Anger as Coalition releases an app to make divorce easier as crisis over family break-up growsThe online advice package will tell parents how to get
legal and financial advice and how to break the news to childrenIt tells parents that ‘it’s not the
separation itself that can cause harm to your child, it’s the level of
conflict that they see between parents’
00:00 GMT, 29 November 2012
Ministers responded to the growing crisis over family break-up yesterday … by releasing a mobile phone app to ease the path for couples wanting to separate.
There was an angry reaction to the launch of the online advice package, which will tell parents how to get legal and financial advice, and how to break the news to children.
It tells parents that ‘it’s not the separation itself that can cause harm to your child, it’s the level of conflict that they see between parents’.
Anger: Ministers responded to the growing crisis over family break-up yesterday … by releasing a mobile phone app to ease the path for couples wanting to separate. This picture is posed by models
The initiative came as senior Tories piled pressure on David Cameron to make good as early as next week his long-standing pledge to shore up marriage with a tax break for husbands and wives.
Former children’s minister Tim Loughton said next week’s Autumn Statement by Chancellor George Osborne is ‘absolutely the last opportunity’ for the Government to show it regards marriage as important and that it means to stand by its promise.
Treasury Exchequer Secretary David Gauke said: ‘We are committed to finding ways to support marriage in the tax and benefits system.’
The decision to produce the ‘Sorting out Separation’ app appeared to send the Coalition’s policy in a different direction.
Launched by LibDem Pensions Minister Steve Webb, it followed evidence published by the Government which said parental break-up can blight their children’s lives into old age.
Mr Webb said: ‘It is vital that we help parents to access better advice.
‘Parents working together is in the best interests of the children, and more collaboration helps minimise the impact of separation on them.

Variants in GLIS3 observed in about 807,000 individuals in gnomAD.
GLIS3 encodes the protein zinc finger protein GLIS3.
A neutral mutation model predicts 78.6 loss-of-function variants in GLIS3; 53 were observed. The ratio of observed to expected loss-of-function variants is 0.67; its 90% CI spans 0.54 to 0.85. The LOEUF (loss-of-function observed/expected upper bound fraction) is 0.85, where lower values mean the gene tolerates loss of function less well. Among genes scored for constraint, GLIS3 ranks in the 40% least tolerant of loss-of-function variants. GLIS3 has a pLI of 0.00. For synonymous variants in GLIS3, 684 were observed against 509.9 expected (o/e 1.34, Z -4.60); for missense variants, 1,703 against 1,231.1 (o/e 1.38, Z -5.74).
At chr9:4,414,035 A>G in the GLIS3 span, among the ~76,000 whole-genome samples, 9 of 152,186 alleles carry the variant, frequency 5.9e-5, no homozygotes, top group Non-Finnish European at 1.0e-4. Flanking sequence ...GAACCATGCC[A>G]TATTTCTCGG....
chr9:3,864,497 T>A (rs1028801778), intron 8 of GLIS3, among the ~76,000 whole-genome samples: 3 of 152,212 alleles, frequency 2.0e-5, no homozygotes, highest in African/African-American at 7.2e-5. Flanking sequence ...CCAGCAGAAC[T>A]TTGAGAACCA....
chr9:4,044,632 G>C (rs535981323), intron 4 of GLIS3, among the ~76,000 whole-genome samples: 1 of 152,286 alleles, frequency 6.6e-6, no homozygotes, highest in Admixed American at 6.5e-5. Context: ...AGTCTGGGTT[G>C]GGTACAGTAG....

Controversial: The app was launched by LibDem Pensions Minister Steve Webb, right. Senior Tories including Tim Loughton, left, want marriage shored up with a tax break for husbands and wives
‘Parents tell us they don’t know where to turn for support when they are going through a separation.’
The app brought fierce criticism from supporters of marriage who said ministers should be trying to keep couples together and altering the benefits system so state handouts no longer encourage couples to live apart.
It also appeared to run counter to the thinking of Mr Webb’s departmental chief, Work and Pensions Secretary Iain Duncan Smith, founder of a think-tank which has been one of the strongest campaigners for a marriage tax break.
The app says parents should not argue in front of the children and both should be together when they tell the children they are not going to live together any more.
Parents should ‘co-parent together and create the best possible future for your child’, it says.
Norman Wells, of the Family Education Trust, said: ‘Family breakdown does not affect all types of relationship equally.
‘Children born to cohabiting parents are far more likely to experience the separation of their parents than those born to married parents, and with almost half of births now taking place outside marriage, rates of family breakdown look set to remain high.
'The last thing the Government should be doing is making it easier for couples to separate.’